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Behavioral Health Archives - Danny van Leeuwen Health Hats

Health Hats – 2016 in Review

By | Advocate, Caregiver, Clinician, ePatient, Family man, Informaticist, Leader, Researcher | One Comment

I’ve been feeling my oats in 2016 as an advocate and catalyst for Empowering people as they travel together toward best health. As my dear friend, Mary Sue said, Danny, you’ve found your calling! Wearing my many hats, I often feel like I know enough to be dangerous about much of healthcare. When I walk into a room of experts in their fields – clinicians, researchers, policy makers, techies, insurers, executives, I think, What am I doing here? I’m way over my head. It takes two minutes to understand that I’m the connector of their considerable expertise to the workflow and life flow of patients, clinicians, caregivers, and staff. I’m also the translator among their jargons. I can shift the conversation by offering a voice for some experiences of patients, caregivers, and clinicians.

I’ve refined my work this year as a connector, translator, and advisor while working as a technical expert in patient-centered research, behavioral health information technology, community health, and health payment innovation. I’ve benefited from the warm embrace of Wellesley Partners during this transition year after leaving my 40+ years as an employee and boss.  I am grateful that they believed in me and helped me polish a few rough edges of inexperience. I also appreciate the counsel of many – Doug, Geri, Pat(s), Juhan, Bevin, Eve, Jarred, Keren, Jonathan, Sarah, and Lauren to name a few. You all know who you are. Thanks. I’m grateful for the many inspiring people in the patient/caregiver/clinician experience space. Thanks for all you do. You keep my embers glowing. Read More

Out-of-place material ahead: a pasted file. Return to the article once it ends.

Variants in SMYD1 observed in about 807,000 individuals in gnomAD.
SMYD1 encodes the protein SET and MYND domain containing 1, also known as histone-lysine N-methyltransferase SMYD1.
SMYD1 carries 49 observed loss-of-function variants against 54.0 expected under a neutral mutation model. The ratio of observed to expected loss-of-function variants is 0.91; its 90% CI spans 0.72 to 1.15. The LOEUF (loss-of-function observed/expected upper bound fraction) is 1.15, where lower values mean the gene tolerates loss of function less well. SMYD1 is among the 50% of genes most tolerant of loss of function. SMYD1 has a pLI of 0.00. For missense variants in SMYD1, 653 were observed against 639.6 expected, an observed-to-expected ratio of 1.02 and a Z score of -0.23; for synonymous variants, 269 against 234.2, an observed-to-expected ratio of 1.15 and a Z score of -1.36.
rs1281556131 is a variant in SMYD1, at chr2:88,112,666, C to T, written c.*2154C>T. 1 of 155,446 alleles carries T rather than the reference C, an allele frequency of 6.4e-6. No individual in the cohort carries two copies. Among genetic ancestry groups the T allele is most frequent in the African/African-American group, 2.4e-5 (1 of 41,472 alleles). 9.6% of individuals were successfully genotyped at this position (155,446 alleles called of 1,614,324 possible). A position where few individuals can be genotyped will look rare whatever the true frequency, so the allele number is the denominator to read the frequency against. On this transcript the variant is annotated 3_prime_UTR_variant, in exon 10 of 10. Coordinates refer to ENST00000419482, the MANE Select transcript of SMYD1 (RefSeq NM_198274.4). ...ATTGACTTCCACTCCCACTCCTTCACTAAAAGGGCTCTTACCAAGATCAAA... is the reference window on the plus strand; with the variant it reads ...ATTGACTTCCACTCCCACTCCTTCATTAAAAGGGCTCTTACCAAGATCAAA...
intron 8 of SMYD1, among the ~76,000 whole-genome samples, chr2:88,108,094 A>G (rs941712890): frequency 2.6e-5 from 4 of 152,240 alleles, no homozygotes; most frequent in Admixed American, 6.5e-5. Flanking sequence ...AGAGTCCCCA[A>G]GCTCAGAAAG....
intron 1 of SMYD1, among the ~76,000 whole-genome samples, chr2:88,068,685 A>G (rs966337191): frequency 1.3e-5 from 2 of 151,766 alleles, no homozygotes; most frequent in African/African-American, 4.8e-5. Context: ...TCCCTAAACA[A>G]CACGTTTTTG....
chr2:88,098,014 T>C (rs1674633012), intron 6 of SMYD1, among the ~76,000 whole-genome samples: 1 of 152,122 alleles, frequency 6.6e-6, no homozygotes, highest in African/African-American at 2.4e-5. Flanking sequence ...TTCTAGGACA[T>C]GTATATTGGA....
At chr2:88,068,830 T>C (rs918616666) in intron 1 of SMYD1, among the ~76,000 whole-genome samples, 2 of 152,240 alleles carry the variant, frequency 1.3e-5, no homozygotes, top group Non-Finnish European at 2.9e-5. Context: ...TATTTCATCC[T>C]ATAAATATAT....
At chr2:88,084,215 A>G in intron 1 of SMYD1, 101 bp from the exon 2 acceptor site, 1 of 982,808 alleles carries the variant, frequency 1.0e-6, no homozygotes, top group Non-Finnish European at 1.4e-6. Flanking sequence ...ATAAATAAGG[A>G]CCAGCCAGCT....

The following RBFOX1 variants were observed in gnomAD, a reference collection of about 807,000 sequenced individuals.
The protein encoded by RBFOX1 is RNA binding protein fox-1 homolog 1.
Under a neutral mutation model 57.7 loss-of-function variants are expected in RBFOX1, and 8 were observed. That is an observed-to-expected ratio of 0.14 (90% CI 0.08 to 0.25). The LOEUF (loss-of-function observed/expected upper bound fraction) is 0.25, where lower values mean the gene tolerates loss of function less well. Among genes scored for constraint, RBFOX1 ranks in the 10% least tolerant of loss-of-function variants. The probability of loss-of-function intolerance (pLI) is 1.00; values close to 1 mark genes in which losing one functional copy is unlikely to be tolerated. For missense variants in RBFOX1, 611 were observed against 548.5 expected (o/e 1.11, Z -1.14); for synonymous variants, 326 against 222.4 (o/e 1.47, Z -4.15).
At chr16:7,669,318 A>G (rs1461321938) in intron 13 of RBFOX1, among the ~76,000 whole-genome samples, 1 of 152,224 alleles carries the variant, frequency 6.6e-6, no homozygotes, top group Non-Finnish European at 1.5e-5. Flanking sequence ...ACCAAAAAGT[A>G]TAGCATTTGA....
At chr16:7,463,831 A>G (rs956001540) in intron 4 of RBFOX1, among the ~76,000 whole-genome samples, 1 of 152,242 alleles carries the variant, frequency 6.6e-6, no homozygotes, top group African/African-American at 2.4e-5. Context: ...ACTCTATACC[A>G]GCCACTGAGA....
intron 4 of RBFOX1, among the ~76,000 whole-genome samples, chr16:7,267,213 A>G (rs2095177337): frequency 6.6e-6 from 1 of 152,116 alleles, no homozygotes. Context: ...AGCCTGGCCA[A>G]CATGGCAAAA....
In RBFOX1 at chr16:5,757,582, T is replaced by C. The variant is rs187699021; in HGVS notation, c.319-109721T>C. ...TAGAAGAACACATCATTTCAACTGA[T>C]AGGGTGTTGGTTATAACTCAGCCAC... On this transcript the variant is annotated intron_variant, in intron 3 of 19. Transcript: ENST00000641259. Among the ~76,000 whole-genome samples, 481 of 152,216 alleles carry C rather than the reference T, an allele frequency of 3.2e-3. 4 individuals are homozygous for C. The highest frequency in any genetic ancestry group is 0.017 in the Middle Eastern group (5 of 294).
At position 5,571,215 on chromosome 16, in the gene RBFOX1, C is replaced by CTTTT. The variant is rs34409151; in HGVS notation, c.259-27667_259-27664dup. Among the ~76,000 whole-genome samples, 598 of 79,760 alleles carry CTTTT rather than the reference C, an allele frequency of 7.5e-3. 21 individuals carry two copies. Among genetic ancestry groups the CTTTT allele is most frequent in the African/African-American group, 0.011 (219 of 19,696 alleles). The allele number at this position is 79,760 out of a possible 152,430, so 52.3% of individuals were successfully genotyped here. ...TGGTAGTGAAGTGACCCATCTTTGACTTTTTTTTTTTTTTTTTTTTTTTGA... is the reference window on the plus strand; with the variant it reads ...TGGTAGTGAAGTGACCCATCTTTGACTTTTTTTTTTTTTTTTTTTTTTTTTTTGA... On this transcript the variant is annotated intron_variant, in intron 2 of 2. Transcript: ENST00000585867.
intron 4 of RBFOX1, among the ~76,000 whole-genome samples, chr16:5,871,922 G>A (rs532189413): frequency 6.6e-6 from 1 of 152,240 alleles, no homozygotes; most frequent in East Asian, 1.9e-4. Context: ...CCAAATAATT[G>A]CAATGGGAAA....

Fractured Communication in Crises

By | Advocate, Caregiver, Clinician, ePatient, Informaticist, Leader | 2 Comments

This week two of my readers described experiences of fractured communication with their clinicians.  One reader, a person in acute treatment for overwhelming anxiety, found himself watching and feeling the effects of dueling clinicians with widely differing diagnoses, medication regimens, and styles of communication. A collaborative, listening, empathetic physician versus a paternalistic, blameful, arrogant physician. Both physicians practiced in the same organization but in adjacent levels of care (one inpatient and the other outpatient). They didn’t coordinate care – they didn’t even speak to each other. The person with acute anxiety had to muster energy to advocate for himself and seek help from his partner. To little effect.  The other reader experienced a sickle-cell crisis in a hospital without a sickle-cell specialist.  She couldn’t get pain medication known to work for her.  She was classified as a drug seeker.  The treating physician wouldn’t communicate with the specialist who had treated this reader successfully many times and managed her long-term care.